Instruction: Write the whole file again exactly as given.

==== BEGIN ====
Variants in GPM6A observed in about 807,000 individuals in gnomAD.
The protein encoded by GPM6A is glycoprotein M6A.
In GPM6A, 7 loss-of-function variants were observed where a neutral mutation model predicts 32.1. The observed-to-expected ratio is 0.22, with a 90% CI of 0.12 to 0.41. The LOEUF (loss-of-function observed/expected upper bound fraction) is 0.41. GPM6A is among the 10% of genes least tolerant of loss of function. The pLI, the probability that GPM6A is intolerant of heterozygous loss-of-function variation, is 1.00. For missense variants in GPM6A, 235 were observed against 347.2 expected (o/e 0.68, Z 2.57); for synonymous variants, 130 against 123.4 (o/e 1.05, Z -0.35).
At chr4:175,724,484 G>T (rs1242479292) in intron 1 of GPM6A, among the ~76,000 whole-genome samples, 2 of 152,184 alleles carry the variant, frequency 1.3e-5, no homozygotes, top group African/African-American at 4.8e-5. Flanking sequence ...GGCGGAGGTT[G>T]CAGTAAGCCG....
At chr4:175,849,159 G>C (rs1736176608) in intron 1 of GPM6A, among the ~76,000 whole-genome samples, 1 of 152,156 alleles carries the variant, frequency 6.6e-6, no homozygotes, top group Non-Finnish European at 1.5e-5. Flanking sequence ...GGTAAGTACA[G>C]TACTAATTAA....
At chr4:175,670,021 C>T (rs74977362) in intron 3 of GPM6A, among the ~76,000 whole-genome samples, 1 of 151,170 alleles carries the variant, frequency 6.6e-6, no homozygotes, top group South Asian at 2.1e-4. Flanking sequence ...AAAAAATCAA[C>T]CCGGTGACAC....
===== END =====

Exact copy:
Variants in GPM6A observed in about 807,000 individuals in gnomAD.
The protein encoded by GPM6A is glycoprotein M6A.
In GPM6A, 7 loss-of-function variants were observed where a neutral mutation model predicts 32.1. The observed-to-expected ratio is 0.22, with a 90% CI of 0.12 to 0.41. The LOEUF (loss-of-function observed/expected upper bound fraction) is 0.41. GPM6A is among the 10% of genes least tolerant of loss of function. The pLI, the probability that GPM6A is intolerant of heterozygous loss-of-function variation, is 1.00. For missense variants in GPM6A, 235 were observed against 347.2 expected (o/e 0.68, Z 2.57); for synonymous variants, 130 against 123.4 (o/e 1.05, Z -0.35).
At chr4:175,724,484 G>T (rs1242479292) in intron 1 of GPM6A, among the ~76,000 whole-genome samples, 2 of 152,184 alleles carry the variant, frequency 1.3e-5, no homozygotes, top group African/African-American at 4.8e-5. Flanking sequence ...GGCGGAGGTT[G>T]CAGTAAGCCG....
At chr4:175,849,159 G>C (rs1736176608) in intron 1 of GPM6A, among the ~76,000 whole-genome samples, 1 of 152,156 alleles carries the variant, frequency 6.6e-6, no homozygotes, top group Non-Finnish European at 1.5e-5. Flanking sequence ...GGTAAGTACA[G>C]TACTAATTAA....
At chr4:175,670,021 C>T (rs74977362) in intron 3 of GPM6A, among the ~76,000 whole-genome samples, 1 of 151,170 alleles carries the variant, frequency 6.6e-6, no homozygotes, top group South Asian at 2.1e-4. Flanking sequence ...AAAAAATCAA[C>T]CCGGTGACAC....